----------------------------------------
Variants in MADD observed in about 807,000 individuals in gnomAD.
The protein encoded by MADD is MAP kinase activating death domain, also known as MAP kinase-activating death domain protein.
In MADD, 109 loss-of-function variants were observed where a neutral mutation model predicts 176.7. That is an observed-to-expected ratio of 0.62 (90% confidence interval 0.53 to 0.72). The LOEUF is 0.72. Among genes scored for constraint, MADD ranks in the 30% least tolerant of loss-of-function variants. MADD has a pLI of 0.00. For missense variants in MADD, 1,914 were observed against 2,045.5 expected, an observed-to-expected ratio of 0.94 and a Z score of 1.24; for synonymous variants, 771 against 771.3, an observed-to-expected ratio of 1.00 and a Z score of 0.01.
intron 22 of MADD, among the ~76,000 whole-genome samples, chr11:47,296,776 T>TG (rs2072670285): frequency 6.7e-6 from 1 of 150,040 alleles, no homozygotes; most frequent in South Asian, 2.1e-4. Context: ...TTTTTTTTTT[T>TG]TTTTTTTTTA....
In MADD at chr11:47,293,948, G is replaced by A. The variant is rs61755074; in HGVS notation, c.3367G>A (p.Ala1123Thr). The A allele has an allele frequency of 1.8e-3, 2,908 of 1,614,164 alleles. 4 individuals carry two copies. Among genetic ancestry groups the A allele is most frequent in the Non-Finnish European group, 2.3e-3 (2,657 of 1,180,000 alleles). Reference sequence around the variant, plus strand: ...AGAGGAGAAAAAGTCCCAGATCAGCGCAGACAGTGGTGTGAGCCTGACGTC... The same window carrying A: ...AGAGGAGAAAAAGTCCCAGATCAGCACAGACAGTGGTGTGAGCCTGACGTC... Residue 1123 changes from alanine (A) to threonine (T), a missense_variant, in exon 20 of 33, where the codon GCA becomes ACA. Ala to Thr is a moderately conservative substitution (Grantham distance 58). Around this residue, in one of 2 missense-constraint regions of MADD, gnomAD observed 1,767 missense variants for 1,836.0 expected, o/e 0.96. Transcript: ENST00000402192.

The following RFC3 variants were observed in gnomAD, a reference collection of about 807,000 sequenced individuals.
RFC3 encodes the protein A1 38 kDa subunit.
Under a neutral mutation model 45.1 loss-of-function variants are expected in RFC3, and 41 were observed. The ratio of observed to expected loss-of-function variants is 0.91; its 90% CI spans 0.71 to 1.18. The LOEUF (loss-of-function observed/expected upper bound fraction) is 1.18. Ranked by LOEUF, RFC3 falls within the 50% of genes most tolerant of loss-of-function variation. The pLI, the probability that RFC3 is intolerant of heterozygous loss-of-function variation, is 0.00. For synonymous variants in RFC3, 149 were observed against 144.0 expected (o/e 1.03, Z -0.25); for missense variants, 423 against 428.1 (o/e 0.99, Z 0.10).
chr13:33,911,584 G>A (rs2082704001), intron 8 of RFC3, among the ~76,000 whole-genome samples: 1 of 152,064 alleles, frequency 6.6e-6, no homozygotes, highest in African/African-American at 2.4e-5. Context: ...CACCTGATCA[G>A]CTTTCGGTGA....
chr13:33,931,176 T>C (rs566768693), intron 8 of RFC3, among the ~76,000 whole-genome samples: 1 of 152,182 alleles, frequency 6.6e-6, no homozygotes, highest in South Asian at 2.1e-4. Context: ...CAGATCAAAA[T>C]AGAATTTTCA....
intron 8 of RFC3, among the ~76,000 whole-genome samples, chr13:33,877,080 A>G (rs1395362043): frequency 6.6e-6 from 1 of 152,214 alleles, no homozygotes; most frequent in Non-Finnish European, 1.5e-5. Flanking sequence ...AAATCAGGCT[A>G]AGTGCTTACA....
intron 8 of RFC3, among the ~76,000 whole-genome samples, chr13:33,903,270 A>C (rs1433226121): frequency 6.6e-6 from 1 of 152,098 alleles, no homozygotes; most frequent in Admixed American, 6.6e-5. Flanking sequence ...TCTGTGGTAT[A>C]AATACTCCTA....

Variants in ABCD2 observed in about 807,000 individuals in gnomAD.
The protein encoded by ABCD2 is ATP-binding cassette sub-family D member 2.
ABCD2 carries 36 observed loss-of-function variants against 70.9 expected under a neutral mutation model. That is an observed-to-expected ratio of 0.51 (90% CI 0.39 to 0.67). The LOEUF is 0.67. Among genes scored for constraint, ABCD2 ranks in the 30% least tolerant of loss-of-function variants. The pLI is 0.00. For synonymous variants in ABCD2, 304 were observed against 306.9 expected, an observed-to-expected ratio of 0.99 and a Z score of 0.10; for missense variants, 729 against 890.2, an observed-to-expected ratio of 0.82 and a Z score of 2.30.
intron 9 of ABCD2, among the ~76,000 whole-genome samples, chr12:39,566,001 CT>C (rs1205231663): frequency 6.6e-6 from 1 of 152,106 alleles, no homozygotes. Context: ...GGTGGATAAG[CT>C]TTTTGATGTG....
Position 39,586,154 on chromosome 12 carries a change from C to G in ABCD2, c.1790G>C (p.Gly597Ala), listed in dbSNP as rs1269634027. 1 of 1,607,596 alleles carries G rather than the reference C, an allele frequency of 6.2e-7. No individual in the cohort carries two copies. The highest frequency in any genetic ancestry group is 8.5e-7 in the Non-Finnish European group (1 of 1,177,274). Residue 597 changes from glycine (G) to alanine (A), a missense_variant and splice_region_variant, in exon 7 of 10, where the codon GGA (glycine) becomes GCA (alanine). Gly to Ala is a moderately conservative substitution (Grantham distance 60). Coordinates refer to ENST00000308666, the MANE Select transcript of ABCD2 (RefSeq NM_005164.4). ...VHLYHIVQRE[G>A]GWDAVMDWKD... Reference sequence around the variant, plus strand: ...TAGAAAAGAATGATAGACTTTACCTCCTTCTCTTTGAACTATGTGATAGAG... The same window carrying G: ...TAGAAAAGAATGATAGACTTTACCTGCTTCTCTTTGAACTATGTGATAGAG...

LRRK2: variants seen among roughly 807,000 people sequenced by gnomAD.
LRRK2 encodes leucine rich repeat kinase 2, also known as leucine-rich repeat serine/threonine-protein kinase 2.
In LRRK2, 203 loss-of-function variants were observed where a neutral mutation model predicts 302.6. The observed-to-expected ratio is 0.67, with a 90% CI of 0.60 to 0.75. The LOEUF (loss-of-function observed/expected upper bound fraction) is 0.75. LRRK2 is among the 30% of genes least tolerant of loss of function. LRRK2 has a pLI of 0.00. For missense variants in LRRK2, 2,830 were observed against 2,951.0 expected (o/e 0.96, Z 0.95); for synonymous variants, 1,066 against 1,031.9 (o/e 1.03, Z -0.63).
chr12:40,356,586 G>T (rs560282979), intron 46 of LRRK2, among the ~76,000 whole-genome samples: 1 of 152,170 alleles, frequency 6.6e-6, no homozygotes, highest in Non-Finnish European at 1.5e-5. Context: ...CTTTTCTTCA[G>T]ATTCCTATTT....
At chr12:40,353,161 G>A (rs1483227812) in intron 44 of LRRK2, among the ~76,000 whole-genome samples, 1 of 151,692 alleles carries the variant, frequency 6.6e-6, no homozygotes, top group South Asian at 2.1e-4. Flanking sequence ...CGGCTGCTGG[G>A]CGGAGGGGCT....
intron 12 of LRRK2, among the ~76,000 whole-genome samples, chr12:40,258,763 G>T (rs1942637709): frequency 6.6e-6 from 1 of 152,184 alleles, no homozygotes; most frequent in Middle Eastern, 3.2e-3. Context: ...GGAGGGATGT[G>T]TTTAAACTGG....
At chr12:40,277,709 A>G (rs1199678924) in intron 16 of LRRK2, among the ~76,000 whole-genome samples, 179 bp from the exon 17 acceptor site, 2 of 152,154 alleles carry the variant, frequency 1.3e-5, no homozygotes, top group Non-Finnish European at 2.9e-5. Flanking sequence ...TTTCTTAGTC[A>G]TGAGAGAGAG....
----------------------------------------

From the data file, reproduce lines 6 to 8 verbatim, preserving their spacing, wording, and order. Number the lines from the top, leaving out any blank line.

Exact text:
The following RFC3 variants were observed in gnomAD, a reference collection of about 807,000 sequenced individuals.
RFC3 encodes the protein A1 38 kDa subunit.
Under a neutral mutation model 45.1 loss-of-function variants are expected in RFC3, and 41 were observed. The ratio of observed to expected loss-of-function variants is 0.91; its 90% CI spans 0.71 to 1.18. The LOEUF (loss-of-function observed/expected upper bound fraction) is 1.18. Ranked by LOEUF, RFC3 falls within the 50% of genes most tolerant of loss-of-function variation. The pLI, the probability that RFC3 is intolerant of heterozygous loss-of-function variation, is 0.00. For synonymous variants in RFC3, 149 were observed against 144.0 expected (o/e 1.03, Z -0.25); for missense variants, 423 against 428.1 (o/e 0.99, Z 0.10).